What is a torus fracture?
This is a bone deformity that only occurs in children in which a bone buckles and bends but does not fracture completely. It breaks on one side, buckles outward on the other side, and does not completely break. The reason that it occurs only in children is that their bones are softer than an adult’s bones. This type of fracture commonly occurs in the ulna, which is a bone in your lower arm, or your radius, which is one of the large bones in your forearm. It is also known as a buckle fracture. The word torus is derived from the Latin word tori, which means protrusion.
Symptoms of a Torus Fracture
- The wrist is swollen and painful
- Inflammation and swelling that can cause reduced movement and stiffness of the wrist joint
- In babies and toddlers they may cry and be inconsolable
- In older children they may be very protective about the part that is fractured
Many of these fractures occur when a child falls and stretches out their hand during the fall to catch themselves but the impact is too great. This can happen if a child falls off their bicycle, roller skating, using a skateboard, or falling off furniture, bed, or playground equipment.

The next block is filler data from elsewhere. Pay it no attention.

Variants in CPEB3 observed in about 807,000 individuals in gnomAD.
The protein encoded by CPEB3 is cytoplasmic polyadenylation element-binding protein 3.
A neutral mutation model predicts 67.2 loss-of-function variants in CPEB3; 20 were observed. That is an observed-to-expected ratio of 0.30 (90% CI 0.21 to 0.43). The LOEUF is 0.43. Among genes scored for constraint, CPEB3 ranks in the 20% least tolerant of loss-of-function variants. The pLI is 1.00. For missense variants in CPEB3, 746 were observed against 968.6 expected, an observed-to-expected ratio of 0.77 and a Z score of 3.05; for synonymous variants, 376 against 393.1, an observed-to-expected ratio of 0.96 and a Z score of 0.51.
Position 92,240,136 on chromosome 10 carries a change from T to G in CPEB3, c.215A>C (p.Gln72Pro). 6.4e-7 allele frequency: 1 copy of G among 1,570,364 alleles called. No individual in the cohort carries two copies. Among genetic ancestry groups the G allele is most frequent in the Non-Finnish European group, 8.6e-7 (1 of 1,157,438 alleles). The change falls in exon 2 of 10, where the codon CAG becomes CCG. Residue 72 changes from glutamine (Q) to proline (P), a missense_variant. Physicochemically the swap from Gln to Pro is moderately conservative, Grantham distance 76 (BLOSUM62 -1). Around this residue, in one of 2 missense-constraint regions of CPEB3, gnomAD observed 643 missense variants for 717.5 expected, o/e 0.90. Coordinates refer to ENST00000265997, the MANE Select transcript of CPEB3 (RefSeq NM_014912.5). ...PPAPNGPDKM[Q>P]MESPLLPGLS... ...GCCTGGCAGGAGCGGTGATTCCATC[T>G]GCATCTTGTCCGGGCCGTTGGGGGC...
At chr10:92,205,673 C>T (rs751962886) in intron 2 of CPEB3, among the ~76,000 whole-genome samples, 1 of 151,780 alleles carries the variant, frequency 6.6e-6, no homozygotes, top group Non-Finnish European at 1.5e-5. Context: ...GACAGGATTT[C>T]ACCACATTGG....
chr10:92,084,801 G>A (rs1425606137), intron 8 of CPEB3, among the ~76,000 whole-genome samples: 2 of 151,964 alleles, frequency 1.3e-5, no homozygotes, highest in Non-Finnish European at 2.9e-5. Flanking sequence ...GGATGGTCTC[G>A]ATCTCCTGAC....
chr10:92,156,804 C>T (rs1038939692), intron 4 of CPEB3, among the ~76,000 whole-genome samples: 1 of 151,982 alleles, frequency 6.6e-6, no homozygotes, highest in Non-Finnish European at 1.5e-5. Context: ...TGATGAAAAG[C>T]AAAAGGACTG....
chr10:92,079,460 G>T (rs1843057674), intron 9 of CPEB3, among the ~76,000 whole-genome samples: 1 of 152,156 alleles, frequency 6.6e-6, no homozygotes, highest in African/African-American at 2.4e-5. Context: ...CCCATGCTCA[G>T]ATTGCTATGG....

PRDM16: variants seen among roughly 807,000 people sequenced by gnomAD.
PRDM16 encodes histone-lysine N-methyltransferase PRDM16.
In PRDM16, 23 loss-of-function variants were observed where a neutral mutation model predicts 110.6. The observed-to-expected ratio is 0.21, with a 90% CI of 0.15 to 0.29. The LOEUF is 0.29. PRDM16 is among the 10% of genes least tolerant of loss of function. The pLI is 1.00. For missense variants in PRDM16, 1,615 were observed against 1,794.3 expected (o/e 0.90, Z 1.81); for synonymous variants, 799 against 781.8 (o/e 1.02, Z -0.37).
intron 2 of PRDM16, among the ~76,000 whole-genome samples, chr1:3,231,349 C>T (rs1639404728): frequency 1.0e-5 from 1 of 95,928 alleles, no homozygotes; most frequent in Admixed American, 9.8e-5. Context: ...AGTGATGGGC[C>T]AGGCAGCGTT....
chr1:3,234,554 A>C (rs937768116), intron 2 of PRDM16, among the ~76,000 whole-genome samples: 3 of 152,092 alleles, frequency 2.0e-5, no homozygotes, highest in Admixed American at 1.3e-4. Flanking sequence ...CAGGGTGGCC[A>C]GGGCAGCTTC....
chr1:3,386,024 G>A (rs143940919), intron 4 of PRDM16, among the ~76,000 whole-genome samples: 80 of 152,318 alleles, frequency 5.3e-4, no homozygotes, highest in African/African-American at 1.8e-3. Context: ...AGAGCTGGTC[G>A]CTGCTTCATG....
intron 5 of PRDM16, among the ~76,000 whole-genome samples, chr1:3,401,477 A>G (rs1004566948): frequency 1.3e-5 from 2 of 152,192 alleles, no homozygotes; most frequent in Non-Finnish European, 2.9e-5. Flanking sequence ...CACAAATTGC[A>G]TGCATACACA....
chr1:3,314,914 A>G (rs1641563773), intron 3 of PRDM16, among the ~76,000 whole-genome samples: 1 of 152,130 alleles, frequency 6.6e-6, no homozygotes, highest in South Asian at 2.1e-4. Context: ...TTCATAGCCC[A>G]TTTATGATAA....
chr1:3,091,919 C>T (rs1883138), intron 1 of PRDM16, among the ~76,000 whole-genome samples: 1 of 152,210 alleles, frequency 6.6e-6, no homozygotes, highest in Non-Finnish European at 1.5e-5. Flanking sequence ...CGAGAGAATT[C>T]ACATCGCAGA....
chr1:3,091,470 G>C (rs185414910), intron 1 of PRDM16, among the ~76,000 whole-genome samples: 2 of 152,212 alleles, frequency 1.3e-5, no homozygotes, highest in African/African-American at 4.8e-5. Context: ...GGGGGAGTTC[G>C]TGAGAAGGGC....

If the physician feels there may be a torus fracture, they will order x-rays to be taken to see if there are any signs of buckling. When doing the x-rays they will take x-rays of the elbow and wrist to rule out any dislocations. If it does not show a torus fracture on the first set of x-rays but there still seems to be a problem they will normally do a second set of x-rays two weeks after the first set.
This type of fracture is normally treated by casting the fracture for three to four weeks in a short arm cast to help prevent further injury. The main reason for casting and immobilizing the fracture is to help with the discomfort and pain. This type of fracture is the one that is quickest to heal so that is why it usually only takes three to four weeks of wearing a cast to heal a torus fracture. Some physicians will put a splint on the fracture instead of a cast if the fracture is a minor wrist fracture. Most physicians prefer to cast the fracture because the child cannot take it off as easy as they can a splint. If they remove the splint, it will delay their recovery. To make sure that the bone has healed properly there will be a second set of x-rays done before they remove the immobilization device.
If the child is in pain, the physician will have them to take over-the-counter pain medication. They should also keep the arm elevated when sitting down. For the first few days after applying a cast the physician may have the child wear a sling to give the arm some support.